told by Local People, North Shields, Northern Voices, 1992, pp. 35, 25, 43 [The artist Norman
Cornish had started painting in the sketching club]; ‘The Spennymoor Settlement Annual Report
1933–1934. Typescript’, Spennymoor Settlement Papers (SSP), University of Durham Library, Durham,
Box 1/3, p. 7; 1/3, ‘The Spennymoor Settlement. [4th.] Annual Report 1934–35. Typescript’, SSP,
1/3, p. 7; The First Seven Years at The Spennymoor Settlement: A Historical Sketch and an Appeal,
Spennymoor, 1938; M. Pickering and K. Robins, ‘The making of a working-class writer: an interview
with Sid Chaplin’, in J. Hawthorn (ed.), The British Working-Class Novel in the Twentieth Century,
London, Arnold, 1984, pp. 141–2 [The novelist Sid Chaplin had been introduced to world literature
in the settlement, which housed a county library branch]; Obituary: Countess Elisabeth von der
Schulenburg, The Guardian, 8 February 2001.
122 W. Feaver, Pitmen Painters: The Ashington Group, 1934–1984, Ashington, Carcanet Press, 1993, pp. 20,
27, 31, 50.
123 Appeal for the Dowlais Social Centre, Dowlais, August 1939, n.p.
124 Educational Facilities for the Unemployed, pp. 28–38.
125 The Common Room, No. 28, 1932, pp. 24–32.
126 ‘The work of the Pioneer Health Centre’, The Social Science Review, 13, 1932, pp. 44–6; E.
Macadam, The New Philanthropy: A Study of the Relations between the Statutory and Voluntary Social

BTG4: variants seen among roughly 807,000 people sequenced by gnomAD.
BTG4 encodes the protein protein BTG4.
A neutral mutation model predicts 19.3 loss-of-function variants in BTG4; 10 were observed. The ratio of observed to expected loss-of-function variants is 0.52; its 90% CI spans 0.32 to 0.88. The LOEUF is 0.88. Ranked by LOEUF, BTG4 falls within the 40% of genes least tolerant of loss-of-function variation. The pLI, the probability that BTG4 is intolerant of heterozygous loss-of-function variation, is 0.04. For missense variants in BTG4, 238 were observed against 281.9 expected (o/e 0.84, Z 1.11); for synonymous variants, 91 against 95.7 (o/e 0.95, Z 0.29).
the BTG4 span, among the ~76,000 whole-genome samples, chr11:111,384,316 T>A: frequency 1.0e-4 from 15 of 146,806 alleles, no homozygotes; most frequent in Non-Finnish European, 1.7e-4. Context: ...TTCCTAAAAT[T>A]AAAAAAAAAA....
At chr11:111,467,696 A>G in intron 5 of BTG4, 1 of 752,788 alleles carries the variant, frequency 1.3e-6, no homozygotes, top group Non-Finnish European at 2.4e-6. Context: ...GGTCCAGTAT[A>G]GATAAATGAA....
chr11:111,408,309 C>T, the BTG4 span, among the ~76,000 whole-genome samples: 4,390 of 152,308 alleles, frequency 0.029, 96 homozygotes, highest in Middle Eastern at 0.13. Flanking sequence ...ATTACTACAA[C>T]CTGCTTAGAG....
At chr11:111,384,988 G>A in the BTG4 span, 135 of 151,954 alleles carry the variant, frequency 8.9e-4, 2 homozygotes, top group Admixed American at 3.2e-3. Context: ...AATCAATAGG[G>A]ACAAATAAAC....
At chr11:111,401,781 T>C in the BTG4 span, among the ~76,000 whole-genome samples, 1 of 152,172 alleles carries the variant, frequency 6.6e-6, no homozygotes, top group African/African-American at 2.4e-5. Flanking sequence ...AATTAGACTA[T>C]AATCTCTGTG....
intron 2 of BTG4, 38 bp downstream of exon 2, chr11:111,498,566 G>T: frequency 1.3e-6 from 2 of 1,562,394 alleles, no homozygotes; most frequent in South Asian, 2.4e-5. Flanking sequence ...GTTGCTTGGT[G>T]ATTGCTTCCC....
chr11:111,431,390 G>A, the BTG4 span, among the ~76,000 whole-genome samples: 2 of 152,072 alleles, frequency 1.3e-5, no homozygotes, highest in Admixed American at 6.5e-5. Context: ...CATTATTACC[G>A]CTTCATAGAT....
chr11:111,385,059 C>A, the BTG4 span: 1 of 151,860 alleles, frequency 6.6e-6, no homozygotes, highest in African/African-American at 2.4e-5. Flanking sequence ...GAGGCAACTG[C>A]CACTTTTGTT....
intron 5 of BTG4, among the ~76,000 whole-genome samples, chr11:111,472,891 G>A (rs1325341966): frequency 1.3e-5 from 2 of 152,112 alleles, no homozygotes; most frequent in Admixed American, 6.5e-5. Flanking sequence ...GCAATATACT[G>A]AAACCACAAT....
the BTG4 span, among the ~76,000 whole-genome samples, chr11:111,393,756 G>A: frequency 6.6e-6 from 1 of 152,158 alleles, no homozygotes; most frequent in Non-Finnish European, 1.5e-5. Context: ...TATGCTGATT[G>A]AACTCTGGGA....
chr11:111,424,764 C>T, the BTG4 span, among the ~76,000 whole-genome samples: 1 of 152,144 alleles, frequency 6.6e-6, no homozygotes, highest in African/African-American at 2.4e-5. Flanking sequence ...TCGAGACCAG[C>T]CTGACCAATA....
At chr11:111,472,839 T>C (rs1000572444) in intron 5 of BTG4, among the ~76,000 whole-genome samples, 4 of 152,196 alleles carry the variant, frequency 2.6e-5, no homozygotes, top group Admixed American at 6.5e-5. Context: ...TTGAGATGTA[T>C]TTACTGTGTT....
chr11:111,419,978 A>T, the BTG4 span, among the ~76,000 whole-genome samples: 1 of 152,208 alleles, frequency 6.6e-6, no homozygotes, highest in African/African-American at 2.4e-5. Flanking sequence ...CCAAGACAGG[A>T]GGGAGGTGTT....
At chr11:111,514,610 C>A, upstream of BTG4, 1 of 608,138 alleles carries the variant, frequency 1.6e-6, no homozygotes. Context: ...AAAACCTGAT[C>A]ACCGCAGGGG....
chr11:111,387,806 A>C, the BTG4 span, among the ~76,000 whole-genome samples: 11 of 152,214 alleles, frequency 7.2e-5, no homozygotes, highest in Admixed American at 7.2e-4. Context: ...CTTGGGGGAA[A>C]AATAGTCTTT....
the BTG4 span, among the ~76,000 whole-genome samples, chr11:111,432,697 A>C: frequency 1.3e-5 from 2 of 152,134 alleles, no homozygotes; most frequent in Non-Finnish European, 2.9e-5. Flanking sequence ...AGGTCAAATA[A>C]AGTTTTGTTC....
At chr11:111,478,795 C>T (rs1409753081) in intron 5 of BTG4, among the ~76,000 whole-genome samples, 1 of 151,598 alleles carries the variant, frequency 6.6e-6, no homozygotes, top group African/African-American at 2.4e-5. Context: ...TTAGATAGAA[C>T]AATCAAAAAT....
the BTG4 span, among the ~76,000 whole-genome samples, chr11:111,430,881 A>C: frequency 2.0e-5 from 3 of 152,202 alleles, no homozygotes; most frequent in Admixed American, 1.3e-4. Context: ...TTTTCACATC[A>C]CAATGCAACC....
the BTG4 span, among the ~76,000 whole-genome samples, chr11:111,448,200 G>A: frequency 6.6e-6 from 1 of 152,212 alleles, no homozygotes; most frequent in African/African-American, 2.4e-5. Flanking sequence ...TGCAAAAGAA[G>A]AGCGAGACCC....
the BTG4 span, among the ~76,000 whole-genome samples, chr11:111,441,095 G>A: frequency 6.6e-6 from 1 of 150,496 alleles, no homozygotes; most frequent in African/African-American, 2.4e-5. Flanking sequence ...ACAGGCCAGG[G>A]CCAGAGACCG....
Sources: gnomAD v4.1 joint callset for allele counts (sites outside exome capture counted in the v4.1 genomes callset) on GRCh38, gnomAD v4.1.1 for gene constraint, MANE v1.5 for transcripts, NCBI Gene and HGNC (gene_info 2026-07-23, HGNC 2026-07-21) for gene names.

Services, London, Allen and Unwin, 1934, p. 135; ‘The brave new world at Peckham’, New Statesman
and Nation, 30 March 1935, p. 43; ‘The Pioneer Health Centre, Peckham’, The Flowing Tide, 1, 1938,
p. 107; J. Lewis, ‘The Peckham Health Centre: an inquiry into the nature of living’, Bulletin of the
Society for the Social History of Medicine, 1982; K. Barlow, ‘The Peckham Experiment’, Medical History, 29,
1985.
127 R. F. Scott, ‘A remarkable club’, The Spectator, 18 March 1938, p. 460; ‘Slough Social Centre —
what a community centre can be’, The Flowing Tide, 1, 1938, p. 91; ‘Physical fitness — a national duty’,
The Listener, 23 February 1938, p. 393.
128 ‘The National Book Appeal for the unemployed’, Social Science Review, 17, 1936, pp. 7–9.
129 Newsom, Out of the Pit, pp. 84–5.
130 Priestley, English Journey, pp. 304, 324, 326.
131 Men Without Work, p. 282.
132 Beales and Lambert, Memoirs of the Unemployed, p. 145. See also ‘Unemployment from the point
of view of the unemployed’, Social Science Review, 15, 1934, pp. 183–9; ‘Unemployment: by an
unemployed miner’s wife’, Social Science Review, 16, 1935, pp. 40–3.
133 Bledisloe, ‘Unemployment and the community’, p. 3. See also ‘The Occupational Centre. Some of
its problems. By a social worker’, Manchester Guardian, 7 August 1934.
134 First Seven Years at The Spennymoor Settlement, n.p.
135 NCSS, Unemployment and Community Service, p. 14.
136 B. L. Q. Henriques, The Indiscretions of A Warden, London, 1937, pp. 2, 23.
137 Priestley, English Journey, p. 325.
138 A. Philpott, ‘The inert mass’, Adult Education, 9, 1937, pp. 278, 280.
139 ‘Report 15/2/32 ms. rough draft’, SSP, 1/2, pp. 2–5
140 First Seven Years at The Spennymoor Settlement, n.p.
141 ‘Voluntary schemes for the unemployed’, The Social Science Review, 14, 1933, pp. 82–3.
142 Cameron, Civilisation and the Unemployed, p. 144.
143 Middleton, ‘Unemployment in the North East’, pp. 35, 39.
144 Mais, England’s Character, p. 111.
145 J. J. Astor et al., The Third Winter Of Unemployment, London, P. S. King, 1923, p. 12; Newsom, Out
of the Pit, p. 15.